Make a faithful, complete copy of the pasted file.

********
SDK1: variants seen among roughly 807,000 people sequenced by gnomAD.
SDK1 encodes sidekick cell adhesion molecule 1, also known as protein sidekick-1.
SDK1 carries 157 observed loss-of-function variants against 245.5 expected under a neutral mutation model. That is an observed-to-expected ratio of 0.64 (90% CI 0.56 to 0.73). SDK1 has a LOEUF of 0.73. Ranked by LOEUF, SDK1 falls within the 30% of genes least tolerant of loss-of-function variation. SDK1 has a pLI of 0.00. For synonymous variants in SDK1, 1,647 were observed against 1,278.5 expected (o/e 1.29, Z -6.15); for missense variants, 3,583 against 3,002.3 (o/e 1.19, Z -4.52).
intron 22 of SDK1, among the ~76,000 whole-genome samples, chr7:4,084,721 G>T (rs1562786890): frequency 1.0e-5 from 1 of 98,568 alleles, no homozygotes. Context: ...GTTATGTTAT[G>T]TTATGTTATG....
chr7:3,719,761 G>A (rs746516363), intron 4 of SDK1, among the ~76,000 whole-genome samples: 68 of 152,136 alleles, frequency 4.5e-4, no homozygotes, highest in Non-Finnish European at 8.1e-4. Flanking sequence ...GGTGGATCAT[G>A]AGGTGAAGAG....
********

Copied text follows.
SDK1: variants seen among roughly 807,000 people sequenced by gnomAD.
SDK1 encodes sidekick cell adhesion molecule 1, also known as protein sidekick-1.
SDK1 carries 157 observed loss-of-function variants against 245.5 expected under a neutral mutation model. That is an observed-to-expected ratio of 0.64 (90% CI 0.56 to 0.73). SDK1 has a LOEUF of 0.73. Ranked by LOEUF, SDK1 falls within the 30% of genes least tolerant of loss-of-function variation. SDK1 has a pLI of 0.00. For synonymous variants in SDK1, 1,647 were observed against 1,278.5 expected (o/e 1.29, Z -6.15); for missense variants, 3,583 against 3,002.3 (o/e 1.19, Z -4.52).
intron 22 of SDK1, among the ~76,000 whole-genome samples, chr7:4,084,721 G>T (rs1562786890): frequency 1.0e-5 from 1 of 98,568 alleles, no homozygotes. Context: ...GTTATGTTAT[G>T]TTATGTTATG....
chr7:3,719,761 G>A (rs746516363), intron 4 of SDK1, among the ~76,000 whole-genome samples: 68 of 152,136 alleles, frequency 4.5e-4, no homozygotes, highest in Non-Finnish European at 8.1e-4. Flanking sequence ...GGTGGATCAT[G>A]AGGTGAAGAG....